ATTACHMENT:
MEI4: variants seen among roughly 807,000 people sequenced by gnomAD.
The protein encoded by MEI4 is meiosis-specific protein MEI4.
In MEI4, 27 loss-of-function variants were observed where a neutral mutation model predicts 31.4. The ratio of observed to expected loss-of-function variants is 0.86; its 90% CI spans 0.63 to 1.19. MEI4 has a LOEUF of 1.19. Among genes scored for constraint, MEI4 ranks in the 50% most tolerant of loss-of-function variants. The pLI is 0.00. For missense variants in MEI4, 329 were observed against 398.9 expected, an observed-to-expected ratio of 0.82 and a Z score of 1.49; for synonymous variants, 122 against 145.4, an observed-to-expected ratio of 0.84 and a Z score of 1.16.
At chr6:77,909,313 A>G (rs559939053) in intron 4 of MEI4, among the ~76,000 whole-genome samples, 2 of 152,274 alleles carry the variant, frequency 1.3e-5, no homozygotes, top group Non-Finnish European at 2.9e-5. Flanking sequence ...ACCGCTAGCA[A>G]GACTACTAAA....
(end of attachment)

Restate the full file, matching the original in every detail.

MEI4: variants seen among roughly 807,000 people sequenced by gnomAD.
The protein encoded by MEI4 is meiosis-specific protein MEI4.
In MEI4, 27 loss-of-function variants were observed where a neutral mutation model predicts 31.4. The ratio of observed to expected loss-of-function variants is 0.86; its 90% CI spans 0.63 to 1.19. MEI4 has a LOEUF of 1.19. Among genes scored for constraint, MEI4 ranks in the 50% most tolerant of loss-of-function variants. The pLI is 0.00. For missense variants in MEI4, 329 were observed against 398.9 expected, an observed-to-expected ratio of 0.82 and a Z score of 1.49; for synonymous variants, 122 against 145.4, an observed-to-expected ratio of 0.84 and a Z score of 1.16.
At chr6:77,909,313 A>G (rs559939053) in intron 4 of MEI4, among the ~76,000 whole-genome samples, 2 of 152,274 alleles carry the variant, frequency 1.3e-5, no homozygotes, top group Non-Finnish European at 2.9e-5. Flanking sequence ...ACCGCTAGCA[A>G]GACTACTAAA....